Why did they lose to the team with the NFC’s best record? Well, you can’t turn it over four times. Two of those miscues led to ten precious points. Jameis Winston lost a fumble and threw three picks (one of them was an INT on a Hail Mary at the end of the half, but still.)
There was also the dumb head-butt by Winston that cost his team 15 yards when they were in the red zone late in the first half.
The right tackle position continues to be a big problem, albeit one that I have not talked about much on this blog. Winston didn’t have much time to throw on many occasions; heck, I saw him in person running for his life against the Saints the previous week down at Ray-Jay. This team needs Demar Dotson back a.s.a.p.
And the defense, which had been forcing turnovers at will during the five-game winning streak, only got one takeaway against Dallas. The Bucs couldn’t turn it into points.
And yet, late in the game, trailing by six, the Buccaneers still had two more chances to drive down the field and win the game. But they didn’t come close to the blue-painted end zone at the other end of the field.
On a side note, I got a chuckle out of Ezekiel Elliott jumping into that huge Salvation Army kettle after his touchdown run. Yes, he got flagged for it, but if you’re going to throw flags for silly stuff like that, then the Lambeau Leap should draw a penalty every time. Think about it.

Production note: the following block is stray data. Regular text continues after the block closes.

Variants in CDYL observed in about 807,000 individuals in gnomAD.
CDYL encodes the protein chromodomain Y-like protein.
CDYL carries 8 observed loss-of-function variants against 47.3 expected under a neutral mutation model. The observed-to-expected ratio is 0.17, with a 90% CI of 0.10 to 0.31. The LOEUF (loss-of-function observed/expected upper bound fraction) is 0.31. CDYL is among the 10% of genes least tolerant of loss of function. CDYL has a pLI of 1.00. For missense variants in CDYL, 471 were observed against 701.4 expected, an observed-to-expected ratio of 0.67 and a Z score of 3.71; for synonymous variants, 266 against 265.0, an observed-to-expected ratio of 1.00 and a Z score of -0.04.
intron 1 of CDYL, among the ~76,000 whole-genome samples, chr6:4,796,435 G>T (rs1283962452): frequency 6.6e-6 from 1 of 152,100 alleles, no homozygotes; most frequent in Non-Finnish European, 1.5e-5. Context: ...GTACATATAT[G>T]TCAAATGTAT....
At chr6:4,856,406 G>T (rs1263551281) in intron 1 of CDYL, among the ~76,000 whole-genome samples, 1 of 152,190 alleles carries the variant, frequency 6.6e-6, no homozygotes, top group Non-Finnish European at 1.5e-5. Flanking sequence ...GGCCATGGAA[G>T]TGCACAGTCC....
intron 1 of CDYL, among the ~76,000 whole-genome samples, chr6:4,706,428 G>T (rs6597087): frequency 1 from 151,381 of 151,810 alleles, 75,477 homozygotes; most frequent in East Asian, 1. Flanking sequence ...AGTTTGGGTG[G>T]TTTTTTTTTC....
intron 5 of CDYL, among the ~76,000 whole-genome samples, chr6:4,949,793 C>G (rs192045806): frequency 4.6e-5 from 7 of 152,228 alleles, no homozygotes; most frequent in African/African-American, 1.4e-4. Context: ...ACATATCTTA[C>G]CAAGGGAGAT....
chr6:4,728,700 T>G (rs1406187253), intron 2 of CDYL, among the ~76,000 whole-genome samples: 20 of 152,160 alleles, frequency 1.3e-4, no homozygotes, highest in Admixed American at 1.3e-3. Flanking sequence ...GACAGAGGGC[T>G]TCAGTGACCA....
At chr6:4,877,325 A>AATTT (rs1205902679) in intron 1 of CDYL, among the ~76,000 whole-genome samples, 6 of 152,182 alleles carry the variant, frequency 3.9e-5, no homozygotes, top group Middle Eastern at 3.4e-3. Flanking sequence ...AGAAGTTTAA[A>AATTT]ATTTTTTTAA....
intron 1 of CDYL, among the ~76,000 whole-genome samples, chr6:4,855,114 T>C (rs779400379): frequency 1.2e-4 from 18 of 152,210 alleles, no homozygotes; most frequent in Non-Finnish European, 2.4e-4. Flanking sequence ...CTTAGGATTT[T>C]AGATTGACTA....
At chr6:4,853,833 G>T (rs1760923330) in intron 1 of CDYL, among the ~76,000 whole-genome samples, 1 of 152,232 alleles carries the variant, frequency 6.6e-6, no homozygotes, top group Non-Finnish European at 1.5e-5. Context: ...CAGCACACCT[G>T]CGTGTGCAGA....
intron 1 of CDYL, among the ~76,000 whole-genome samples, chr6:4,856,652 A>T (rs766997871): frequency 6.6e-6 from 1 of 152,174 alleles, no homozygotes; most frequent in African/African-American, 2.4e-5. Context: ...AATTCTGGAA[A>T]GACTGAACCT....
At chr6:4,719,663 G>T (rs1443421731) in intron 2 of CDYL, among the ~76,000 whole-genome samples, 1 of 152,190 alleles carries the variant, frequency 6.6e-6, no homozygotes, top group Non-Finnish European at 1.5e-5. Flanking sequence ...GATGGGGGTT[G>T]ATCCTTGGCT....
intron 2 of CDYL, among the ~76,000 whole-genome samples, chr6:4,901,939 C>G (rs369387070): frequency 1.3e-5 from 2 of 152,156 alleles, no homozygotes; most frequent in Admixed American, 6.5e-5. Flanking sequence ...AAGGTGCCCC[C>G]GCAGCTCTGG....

So in order for the Bucs to make the playoffs, they have to win their final two games, at New Orleans and at home against Carolina. That’s the first order of business. They may/may not need help, depending on what the Redskins do tonight. But in order to win the NFC South, the Buccaneers would need the red-hot Falcons to lose their last two. Atlanta finishes with the Panthers on the road and the Saints at home.
Don’t give up yet, Bucs fans.
Photo Courtesy: AP
Once a year, I make a trip down to Tampa to see the Buccaneers in action. Sunday’s game against the Saints was this year’s pilgrimage. And I left Ray-Jay with a big smile on my face; the Bucs hung on to beat New Orleans, 16-11.
I’ll get to my personal gameday experience in a moment. But first, a few thoughts about the game itself:
This was the definition of winning ugly. There was only one touchdown in the game, scored by Doug Martin, in the end zone near where I was sitting. Sprinkled in to the mix were flags – a lot of them: 13 for the Saints, 7 for the Bucs. It just breaks up the flow of the game when it seems like there’s yellow on the field every other play.
Then the mistakes came, most of them at the other end of the field from where I was. The first was the miscue by Josh Huff, muffing a kickoff at the 1-yard line and pinning the Bucs back to their goal line. On the next play, the Saints got a safety. The ensuing free kick went out of bounds, giving New Orleans the ball at midfield. The Saints had 1st and goal at the 1, but couldn’t punch it in, thanks to a penalty at a sack. They ended up with a field goal. So the screw-up by Huff cost his team five points.